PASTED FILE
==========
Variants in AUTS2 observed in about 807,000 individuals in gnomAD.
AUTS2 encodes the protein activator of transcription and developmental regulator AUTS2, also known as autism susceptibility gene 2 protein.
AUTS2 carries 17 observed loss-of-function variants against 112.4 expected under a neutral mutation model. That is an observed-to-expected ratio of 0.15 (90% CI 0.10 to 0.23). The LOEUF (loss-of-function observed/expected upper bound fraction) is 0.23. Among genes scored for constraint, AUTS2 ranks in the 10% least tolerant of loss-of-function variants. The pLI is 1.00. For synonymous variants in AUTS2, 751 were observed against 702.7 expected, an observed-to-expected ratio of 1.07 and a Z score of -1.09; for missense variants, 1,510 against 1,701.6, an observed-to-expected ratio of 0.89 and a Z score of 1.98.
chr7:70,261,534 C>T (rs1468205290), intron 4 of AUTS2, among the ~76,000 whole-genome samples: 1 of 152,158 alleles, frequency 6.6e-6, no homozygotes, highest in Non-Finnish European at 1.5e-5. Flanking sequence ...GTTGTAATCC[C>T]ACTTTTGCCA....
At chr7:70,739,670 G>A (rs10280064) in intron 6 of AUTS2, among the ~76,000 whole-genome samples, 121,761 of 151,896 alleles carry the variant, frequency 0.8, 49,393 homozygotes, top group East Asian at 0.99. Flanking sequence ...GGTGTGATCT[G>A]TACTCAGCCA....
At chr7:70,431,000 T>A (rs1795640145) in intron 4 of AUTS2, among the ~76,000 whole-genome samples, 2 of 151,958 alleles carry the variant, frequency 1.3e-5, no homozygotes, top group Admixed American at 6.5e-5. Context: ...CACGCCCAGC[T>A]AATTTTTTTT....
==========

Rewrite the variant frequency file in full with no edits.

Variants in AUTS2 observed in about 807,000 individuals in gnomAD.
AUTS2 encodes the protein activator of transcription and developmental regulator AUTS2, also known as autism susceptibility gene 2 protein.
AUTS2 carries 17 observed loss-of-function variants against 112.4 expected under a neutral mutation model. That is an observed-to-expected ratio of 0.15 (90% CI 0.10 to 0.23). The LOEUF (loss-of-function observed/expected upper bound fraction) is 0.23. Among genes scored for constraint, AUTS2 ranks in the 10% least tolerant of loss-of-function variants. The pLI is 1.00. For synonymous variants in AUTS2, 751 were observed against 702.7 expected, an observed-to-expected ratio of 1.07 and a Z score of -1.09; for missense variants, 1,510 against 1,701.6, an observed-to-expected ratio of 0.89 and a Z score of 1.98.
chr7:70,261,534 C>T (rs1468205290), intron 4 of AUTS2, among the ~76,000 whole-genome samples: 1 of 152,158 alleles, frequency 6.6e-6, no homozygotes, highest in Non-Finnish European at 1.5e-5. Flanking sequence ...GTTGTAATCC[C>T]ACTTTTGCCA....
At chr7:70,739,670 G>A (rs10280064) in intron 6 of AUTS2, among the ~76,000 whole-genome samples, 121,761 of 151,896 alleles carry the variant, frequency 0.8, 49,393 homozygotes, top group East Asian at 0.99. Flanking sequence ...GGTGTGATCT[G>A]TACTCAGCCA....
At chr7:70,431,000 T>A (rs1795640145) in intron 4 of AUTS2, among the ~76,000 whole-genome samples, 2 of 151,958 alleles carry the variant, frequency 1.3e-5, no homozygotes, top group Admixed American at 6.5e-5. Context: ...CACGCCCAGC[T>A]AATTTTTTTT....